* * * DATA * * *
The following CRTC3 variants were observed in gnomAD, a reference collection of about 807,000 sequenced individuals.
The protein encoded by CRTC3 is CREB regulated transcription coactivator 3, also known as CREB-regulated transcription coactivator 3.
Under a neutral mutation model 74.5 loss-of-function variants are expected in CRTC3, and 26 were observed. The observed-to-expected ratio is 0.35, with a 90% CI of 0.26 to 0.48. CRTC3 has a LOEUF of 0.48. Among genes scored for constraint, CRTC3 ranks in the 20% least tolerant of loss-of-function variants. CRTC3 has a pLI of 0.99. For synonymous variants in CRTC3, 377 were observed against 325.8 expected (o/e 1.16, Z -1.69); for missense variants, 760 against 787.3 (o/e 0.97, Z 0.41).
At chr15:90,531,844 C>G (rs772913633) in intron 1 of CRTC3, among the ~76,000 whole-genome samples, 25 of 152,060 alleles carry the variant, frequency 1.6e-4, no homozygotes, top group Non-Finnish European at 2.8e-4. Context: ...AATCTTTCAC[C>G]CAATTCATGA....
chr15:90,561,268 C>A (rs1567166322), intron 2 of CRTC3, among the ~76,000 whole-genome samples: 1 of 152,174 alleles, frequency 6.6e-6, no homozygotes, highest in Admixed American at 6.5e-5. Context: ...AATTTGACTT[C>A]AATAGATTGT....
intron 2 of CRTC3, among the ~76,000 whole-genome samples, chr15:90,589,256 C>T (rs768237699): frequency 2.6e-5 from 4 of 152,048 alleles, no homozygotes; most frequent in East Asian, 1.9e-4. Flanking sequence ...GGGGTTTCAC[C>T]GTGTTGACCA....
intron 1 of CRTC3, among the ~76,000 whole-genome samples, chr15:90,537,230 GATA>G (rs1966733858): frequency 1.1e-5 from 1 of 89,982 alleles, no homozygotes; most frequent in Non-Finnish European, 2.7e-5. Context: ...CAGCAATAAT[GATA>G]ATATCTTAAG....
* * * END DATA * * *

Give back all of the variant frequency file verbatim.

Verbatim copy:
The following CRTC3 variants were observed in gnomAD, a reference collection of about 807,000 sequenced individuals.
The protein encoded by CRTC3 is CREB regulated transcription coactivator 3, also known as CREB-regulated transcription coactivator 3.
Under a neutral mutation model 74.5 loss-of-function variants are expected in CRTC3, and 26 were observed. The observed-to-expected ratio is 0.35, with a 90% CI of 0.26 to 0.48. CRTC3 has a LOEUF of 0.48. Among genes scored for constraint, CRTC3 ranks in the 20% least tolerant of loss-of-function variants. CRTC3 has a pLI of 0.99. For synonymous variants in CRTC3, 377 were observed against 325.8 expected (o/e 1.16, Z -1.69); for missense variants, 760 against 787.3 (o/e 0.97, Z 0.41).
At chr15:90,531,844 C>G (rs772913633) in intron 1 of CRTC3, among the ~76,000 whole-genome samples, 25 of 152,060 alleles carry the variant, frequency 1.6e-4, no homozygotes, top group Non-Finnish European at 2.8e-4. Context: ...AATCTTTCAC[C>G]CAATTCATGA....
chr15:90,561,268 C>A (rs1567166322), intron 2 of CRTC3, among the ~76,000 whole-genome samples: 1 of 152,174 alleles, frequency 6.6e-6, no homozygotes, highest in Admixed American at 6.5e-5. Context: ...AATTTGACTT[C>A]AATAGATTGT....
intron 2 of CRTC3, among the ~76,000 whole-genome samples, chr15:90,589,256 C>T (rs768237699): frequency 2.6e-5 from 4 of 152,048 alleles, no homozygotes; most frequent in East Asian, 1.9e-4. Flanking sequence ...GGGGTTTCAC[C>T]GTGTTGACCA....
intron 1 of CRTC3, among the ~76,000 whole-genome samples, chr15:90,537,230 GATA>G (rs1966733858): frequency 1.1e-5 from 1 of 89,982 alleles, no homozygotes; most frequent in Non-Finnish European, 2.7e-5. Context: ...CAGCAATAAT[GATA>G]ATATCTTAAG....